Informacion economica sobre Cuba

Cuban-Americans counting on Barack Obama to ease restrictions on cash,
travel to island
Obama expected to ease restrictions

By William E. Gibson | Sun Sentinel Washington Correspondent
December 22, 2008

WASHINGTON – Ileana Casanova, a second-grade teacher in Miami, can
hardly wait for Barack Obama to become president so that she can go to Cuba.

She's already gathering items in a big box — medicine, shoes, clothing,
toys, pencils and school supplies — to deliver to aunts, uncles and
cousins all over the island.

Barred from visiting her relatives under the George W. Bush
administration, Casanova is counting on Obama to fulfill his campaign
promise to allow Cuban-Americans to make unlimited trips to their
homeland and send as much money as they want.

"I believe he is going to do this soon. My hopes are high," said
Casanova, 58. "It's not the Cuban government that is telling us we can't
go; it's our own government. I believe it's a violation of human rights
not to be able to see your family."

Obama raised these expectations by pledging to undo rules Bush imposed
in 2004 that limit the frequency of trips by Cuban-Americans to visit
immediate family members and the money they can send. The Bush rules
also forbid people like Casanova from traveling to see aunts and uncles
and other extended family.

All sides of the long-running debate over the U.S. embargo of Cuba
assume Obama will remove those travel limits through his executive
power. The big question is whether the new administration and Congress
will work to ease other aspects of the embargo.

The president-elect's appointees and nominees indicate the
administration will be full of people who question a policy that has
isolated Cuba for nearly half a century but failed to force political
change.

These include Eric Holder for attorney general, Susan Rice for chief
delegate to the United Nations, Bill Richardson for commerce secretary,
Gregory Craig for White House counsel and Ray LaHood for transportation
secretary.

On the other hand, Hillary Clinton, nominated for secretary of state,
has said Cuba must move toward democratic reforms before the United
States changes its policy.

The debate turns on whether the United States can prod Cuba toward
democracy and free markets by engaging it through trade and travel or by
depleting its economy through a rigid embargo.

Backers of change hope to reduce the embargo a step at a time.

"You start by opening up travel," said Silvia Wilhelm of Miami,
executive director of the Cuban American Commission for Family Rights.

"Then you take Cuba off the terrorist list. That would set the stage for
some kind of dialogue. Let them start talking and see what points of
mutual interest they can agree on."

Sensing an opportunity, Cuban President Raul Castro last week offered to
exchange jailed political dissidents in Cuba for five Cubans imprisoned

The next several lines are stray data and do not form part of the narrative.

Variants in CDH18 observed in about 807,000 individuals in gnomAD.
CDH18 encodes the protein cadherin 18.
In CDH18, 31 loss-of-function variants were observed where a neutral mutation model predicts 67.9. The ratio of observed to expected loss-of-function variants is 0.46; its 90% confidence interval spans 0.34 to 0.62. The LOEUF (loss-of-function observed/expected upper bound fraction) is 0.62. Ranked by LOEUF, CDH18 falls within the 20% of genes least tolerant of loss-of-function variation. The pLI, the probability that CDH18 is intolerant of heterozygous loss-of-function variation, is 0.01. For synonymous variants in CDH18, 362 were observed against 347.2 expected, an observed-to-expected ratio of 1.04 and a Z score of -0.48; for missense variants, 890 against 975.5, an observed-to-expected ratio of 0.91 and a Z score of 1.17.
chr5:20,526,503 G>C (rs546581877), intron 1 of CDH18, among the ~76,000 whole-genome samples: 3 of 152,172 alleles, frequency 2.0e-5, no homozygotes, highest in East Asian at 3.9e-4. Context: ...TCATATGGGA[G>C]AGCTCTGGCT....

in this country for espionage. Castro also reiterated Cuba's willingness
to discuss embargo issues with Obama.

U.S. Rep. Lincoln Diaz-Balart, a staunch defender of the embargo, seems
resigned to the removal of some travel restrictions. But the Miami
Republican wants to hold the line on any further changes.

"I expect him [Obama] to do what he said in the campaign: to lift the
Bush regulations of 2004, which limit Cuban-American travel and
remittances," Diaz-Balart said. "I don't agree with that. I support
those measures. They have significantly reduced hard currency for the
dictatorship.

"But the president-elect also said he would grant no unilateral
concessions to the dictatorship. I will work in every way to keep him to
his word."

Obama may return U.S. policy to the way it was during Bill Clinton's
administration, when looser rules allowed extensive travel to Cuba,
except for tourists. The two governments in those years engaged in
discreet behind-the-scenes diplomacy, mostly to talk about ways to
prevent mass migrations from Cuba to Florida.

Since Fidel Castro ceded power to his brother Raul, the government has
returned land to farmers and allowed some private commerce, but it
remains wary of unleashing capitalist forces or changing its political
system.

"Frankly, the element that prevents any movement forward is the
unwillingness of the Cuban government to engage in basic reforms," said
Frank Calzon, director of the Center for a Free Cuba, based in Washington.

Those who lobby for easing the embargo acknowledge that Obama and
Congress are unlikely to delve too deeply into Cuba policy amid a
financial crisis and the war in Iraq.

"I don't think Congress will make a big push on Cuba policy, but at some
point there will be a healthy debate about it," said Jake Colvin, vice
president of the National Foreign Trade Council, a free-trade group that
represents farmers and businesses that want to open markets for U.S.
goods in Cuba.

"We are hopeful that in addition to lifting the limits on Cuban-American
travel, the Obama administration will go farther to remove other travel
restrictions and allow U.S. businesses to have greater flexibility in
doing business with Cuba."

Casanova said she found it ironic that she was able to visit communist
Vietnam a few years ago as a tourist and to take as much money as she
wished.

"Not just Cuban-Americans but all Americans should have the right to
travel to Cuba," she said. "We should be able to travel wherever we want
to go."

William E. Gibson can be reached at wgibson@SunSentinel.com or
202-824-8256 in Washington. His blog Juice can be found at
Sun-Sentinel.com/Juice.

http://www.sun-sentinel.com/news/local/cuba/sfl-flacuba1222sbdec22,0,6627393.story


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